China's space mission was going smoothly as the two astronauts aboard the Shenzhou VI space capsule began their fourth day in orbit yesterday, the government said, after reports that ships tracking the flight were struggling with rough weather at sea.
There was still no official word on when astronauts Fei Junlong (費俊龍) and Nie Haisheng (聶海勝) might land. But Chinese news reports said it could be today or early tomorrow, depending on conditions at the planned landing site in China's northern grasslands.
Newspapers carried front-page photos of Fei turning somersaults in zero gravity -- the latest in a series of personal, even playful, views of the astronauts this week that are a break from the usual secrecy of the military-linked program.
The capsule "has safely traveled in space for three whole days," the official Xinhua News Agency said.
Later yesterday, the astronauts were scheduled to talk to President Hu Jintao (
Late on Friday, the government said four tracking ships in the Pacific, Indian and Atlantic Oceans were fighting high winds and waves. They were reportedly preparing emergency measures in case conditions worsened, but there was no indication that the landing might be affected.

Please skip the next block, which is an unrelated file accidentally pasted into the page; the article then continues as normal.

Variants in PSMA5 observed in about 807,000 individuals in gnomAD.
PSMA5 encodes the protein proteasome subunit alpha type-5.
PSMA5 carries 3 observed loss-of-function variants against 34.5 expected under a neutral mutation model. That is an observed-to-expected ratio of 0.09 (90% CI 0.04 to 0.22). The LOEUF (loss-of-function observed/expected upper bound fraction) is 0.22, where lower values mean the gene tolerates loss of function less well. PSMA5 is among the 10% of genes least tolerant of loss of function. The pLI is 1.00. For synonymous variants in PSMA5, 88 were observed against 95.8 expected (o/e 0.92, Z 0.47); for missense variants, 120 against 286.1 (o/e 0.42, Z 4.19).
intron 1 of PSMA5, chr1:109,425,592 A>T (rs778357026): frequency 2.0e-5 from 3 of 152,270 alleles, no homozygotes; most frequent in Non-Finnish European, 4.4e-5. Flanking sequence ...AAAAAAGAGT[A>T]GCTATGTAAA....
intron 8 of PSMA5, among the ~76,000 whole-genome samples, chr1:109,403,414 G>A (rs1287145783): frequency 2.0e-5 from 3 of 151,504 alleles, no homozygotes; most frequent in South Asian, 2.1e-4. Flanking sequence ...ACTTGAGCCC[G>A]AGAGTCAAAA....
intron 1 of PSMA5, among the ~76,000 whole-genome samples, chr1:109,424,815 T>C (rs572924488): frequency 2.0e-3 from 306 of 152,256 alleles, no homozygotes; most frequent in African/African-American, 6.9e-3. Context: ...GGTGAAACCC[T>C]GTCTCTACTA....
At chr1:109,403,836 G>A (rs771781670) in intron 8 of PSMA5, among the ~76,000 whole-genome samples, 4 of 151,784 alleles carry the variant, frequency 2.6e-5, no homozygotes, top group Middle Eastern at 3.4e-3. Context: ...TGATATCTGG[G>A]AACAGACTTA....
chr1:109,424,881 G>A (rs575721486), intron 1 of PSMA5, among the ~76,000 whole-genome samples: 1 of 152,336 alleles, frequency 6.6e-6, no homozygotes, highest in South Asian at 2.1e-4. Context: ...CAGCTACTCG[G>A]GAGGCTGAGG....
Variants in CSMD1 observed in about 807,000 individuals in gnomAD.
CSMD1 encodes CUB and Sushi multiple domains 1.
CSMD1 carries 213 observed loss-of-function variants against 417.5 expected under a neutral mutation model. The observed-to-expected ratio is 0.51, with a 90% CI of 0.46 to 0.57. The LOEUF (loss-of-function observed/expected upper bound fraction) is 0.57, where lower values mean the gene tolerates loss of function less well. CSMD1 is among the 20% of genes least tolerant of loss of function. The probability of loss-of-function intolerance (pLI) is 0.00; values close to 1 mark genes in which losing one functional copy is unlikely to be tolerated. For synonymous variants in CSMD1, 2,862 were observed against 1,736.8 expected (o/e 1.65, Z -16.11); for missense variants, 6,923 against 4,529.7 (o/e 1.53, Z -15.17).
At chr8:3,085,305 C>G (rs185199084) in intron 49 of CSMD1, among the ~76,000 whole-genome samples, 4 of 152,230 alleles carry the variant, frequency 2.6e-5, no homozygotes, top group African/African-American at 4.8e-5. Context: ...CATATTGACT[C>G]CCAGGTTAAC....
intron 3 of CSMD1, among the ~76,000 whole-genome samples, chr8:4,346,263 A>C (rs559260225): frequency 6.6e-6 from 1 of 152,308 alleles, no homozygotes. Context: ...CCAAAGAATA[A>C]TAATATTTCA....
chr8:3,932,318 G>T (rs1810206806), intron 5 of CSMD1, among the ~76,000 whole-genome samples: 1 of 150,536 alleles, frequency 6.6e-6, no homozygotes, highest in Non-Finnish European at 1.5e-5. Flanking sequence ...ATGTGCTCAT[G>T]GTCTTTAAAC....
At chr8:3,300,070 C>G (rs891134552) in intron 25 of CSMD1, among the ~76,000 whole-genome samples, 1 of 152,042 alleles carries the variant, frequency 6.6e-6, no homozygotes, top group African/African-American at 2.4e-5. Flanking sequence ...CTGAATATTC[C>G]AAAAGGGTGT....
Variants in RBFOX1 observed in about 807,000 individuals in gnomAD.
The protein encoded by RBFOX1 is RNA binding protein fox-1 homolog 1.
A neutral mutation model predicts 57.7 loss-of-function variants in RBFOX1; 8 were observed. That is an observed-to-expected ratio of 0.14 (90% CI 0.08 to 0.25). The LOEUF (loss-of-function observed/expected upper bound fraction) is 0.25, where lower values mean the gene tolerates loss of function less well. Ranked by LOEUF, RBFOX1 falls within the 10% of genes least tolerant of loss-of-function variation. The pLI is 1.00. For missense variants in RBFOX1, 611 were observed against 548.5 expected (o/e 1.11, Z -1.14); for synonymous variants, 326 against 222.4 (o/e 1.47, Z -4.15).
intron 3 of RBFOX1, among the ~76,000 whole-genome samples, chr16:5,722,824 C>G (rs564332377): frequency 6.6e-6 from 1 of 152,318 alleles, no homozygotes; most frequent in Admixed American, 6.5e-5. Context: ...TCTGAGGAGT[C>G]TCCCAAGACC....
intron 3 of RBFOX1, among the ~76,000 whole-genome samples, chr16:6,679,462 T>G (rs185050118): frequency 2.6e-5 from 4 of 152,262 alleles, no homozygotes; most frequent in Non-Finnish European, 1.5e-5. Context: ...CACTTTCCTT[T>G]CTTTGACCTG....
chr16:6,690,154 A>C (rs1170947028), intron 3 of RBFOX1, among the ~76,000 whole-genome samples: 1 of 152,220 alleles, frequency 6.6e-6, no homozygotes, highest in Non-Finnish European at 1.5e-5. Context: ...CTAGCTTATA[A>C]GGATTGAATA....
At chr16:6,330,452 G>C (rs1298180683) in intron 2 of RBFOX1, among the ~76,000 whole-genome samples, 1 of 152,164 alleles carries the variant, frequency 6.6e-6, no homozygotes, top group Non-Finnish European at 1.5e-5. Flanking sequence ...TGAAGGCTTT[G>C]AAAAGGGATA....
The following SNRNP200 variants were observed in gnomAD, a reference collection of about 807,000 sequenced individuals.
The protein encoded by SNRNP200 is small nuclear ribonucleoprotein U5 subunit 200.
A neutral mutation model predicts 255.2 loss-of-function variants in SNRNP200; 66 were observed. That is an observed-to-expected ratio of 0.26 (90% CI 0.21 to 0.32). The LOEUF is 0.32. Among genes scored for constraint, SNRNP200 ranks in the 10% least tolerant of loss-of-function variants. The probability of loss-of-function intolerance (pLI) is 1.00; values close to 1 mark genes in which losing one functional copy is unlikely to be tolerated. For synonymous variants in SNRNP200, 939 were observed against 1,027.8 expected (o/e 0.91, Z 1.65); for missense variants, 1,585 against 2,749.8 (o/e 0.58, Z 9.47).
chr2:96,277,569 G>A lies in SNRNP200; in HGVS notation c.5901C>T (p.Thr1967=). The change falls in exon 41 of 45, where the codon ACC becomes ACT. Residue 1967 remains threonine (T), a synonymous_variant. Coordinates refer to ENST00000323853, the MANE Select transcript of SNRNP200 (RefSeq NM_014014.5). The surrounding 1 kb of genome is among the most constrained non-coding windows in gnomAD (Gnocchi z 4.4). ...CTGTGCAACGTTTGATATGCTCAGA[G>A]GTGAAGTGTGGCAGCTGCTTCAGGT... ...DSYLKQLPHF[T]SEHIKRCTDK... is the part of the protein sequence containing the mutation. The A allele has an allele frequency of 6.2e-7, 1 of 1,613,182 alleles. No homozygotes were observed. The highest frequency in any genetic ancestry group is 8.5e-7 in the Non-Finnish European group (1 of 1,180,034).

Racing around the Earth about once every 90 minutes, Fei and Nie had traveled more than 2 million kilometers by yesterday and saw the sun rise and set 48 times, Xinhua said.
The flight, China's second manned space mission, is an effort by the communist government to declare its status as a rising power and is meant to lead to the creation of a space station.
The space mission also is an effort by communist leaders to shore up their standing at home.
They hope to stir nationalist pride amid public anger at widespread corruption and a widening gap between a wealthy elite who have benefited most from China's 25-year-old economic boom and the vast, poor majority.
The mission "glorifies the Communist Party and the motherland," state television said on its national evening news on Friday.
Xinhua said the crew took notes on ocean pollution, the atmosphere and vegetation and performed unspecified scientific experiments.
The Shenzhou VI flight already is much longer than China's first space mission in 2003, when astronaut Yang Liwei orbited for 21-and-a-half hours before his capsule landed by parachute. Officials say they plan to land an unmanned probe on the moon by 2010 and want to send up a space station.
China doesn't take part in the US-led International Space Station, due largely to Washington's reluctance to deal with a space program that is a prestige project for a communist dictatorship.
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